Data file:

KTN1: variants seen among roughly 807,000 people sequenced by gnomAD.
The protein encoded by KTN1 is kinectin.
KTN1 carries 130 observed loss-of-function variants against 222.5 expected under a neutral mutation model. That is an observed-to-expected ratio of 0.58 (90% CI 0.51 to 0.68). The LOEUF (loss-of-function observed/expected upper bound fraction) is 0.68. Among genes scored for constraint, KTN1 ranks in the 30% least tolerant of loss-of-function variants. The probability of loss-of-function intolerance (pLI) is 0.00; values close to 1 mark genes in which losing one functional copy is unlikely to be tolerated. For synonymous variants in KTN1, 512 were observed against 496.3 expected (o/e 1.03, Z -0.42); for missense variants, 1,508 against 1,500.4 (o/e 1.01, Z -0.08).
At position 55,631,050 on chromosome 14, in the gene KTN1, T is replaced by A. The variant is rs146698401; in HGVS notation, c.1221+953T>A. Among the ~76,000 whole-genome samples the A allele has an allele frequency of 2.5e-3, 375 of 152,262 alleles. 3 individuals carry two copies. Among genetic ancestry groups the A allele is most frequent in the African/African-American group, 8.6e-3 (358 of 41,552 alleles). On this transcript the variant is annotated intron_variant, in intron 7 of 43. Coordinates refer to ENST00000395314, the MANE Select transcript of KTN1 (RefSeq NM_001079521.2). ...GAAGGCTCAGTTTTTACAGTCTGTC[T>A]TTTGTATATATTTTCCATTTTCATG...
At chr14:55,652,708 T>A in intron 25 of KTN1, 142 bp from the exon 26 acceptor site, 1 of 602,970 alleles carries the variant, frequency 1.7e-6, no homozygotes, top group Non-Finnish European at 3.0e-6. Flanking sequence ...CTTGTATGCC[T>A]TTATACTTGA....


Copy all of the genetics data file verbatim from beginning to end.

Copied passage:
KTN1: variants seen among roughly 807,000 people sequenced by gnomAD.
The protein encoded by KTN1 is kinectin.
KTN1 carries 130 observed loss-of-function variants against 222.5 expected under a neutral mutation model. That is an observed-to-expected ratio of 0.58 (90% CI 0.51 to 0.68). The LOEUF (loss-of-function observed/expected upper bound fraction) is 0.68. Among genes scored for constraint, KTN1 ranks in the 30% least tolerant of loss-of-function variants. The probability of loss-of-function intolerance (pLI) is 0.00; values close to 1 mark genes in which losing one functional copy is unlikely to be tolerated. For synonymous variants in KTN1, 512 were observed against 496.3 expected (o/e 1.03, Z -0.42); for missense variants, 1,508 against 1,500.4 (o/e 1.01, Z -0.08).
At position 55,631,050 on chromosome 14, in the gene KTN1, T is replaced by A. The variant is rs146698401; in HGVS notation, c.1221+953T>A. Among the ~76,000 whole-genome samples the A allele has an allele frequency of 2.5e-3, 375 of 152,262 alleles. 3 individuals carry two copies. Among genetic ancestry groups the A allele is most frequent in the African/African-American group, 8.6e-3 (358 of 41,552 alleles). On this transcript the variant is annotated intron_variant, in intron 7 of 43. Coordinates refer to ENST00000395314, the MANE Select transcript of KTN1 (RefSeq NM_001079521.2). ...GAAGGCTCAGTTTTTACAGTCTGTC[T>A]TTTGTATATATTTTCCATTTTCATG...
At chr14:55,652,708 T>A in intron 25 of KTN1, 142 bp from the exon 26 acceptor site, 1 of 602,970 alleles carries the variant, frequency 1.7e-6, no homozygotes, top group Non-Finnish European at 3.0e-6. Flanking sequence ...CTTGTATGCC[T>A]TTATACTTGA....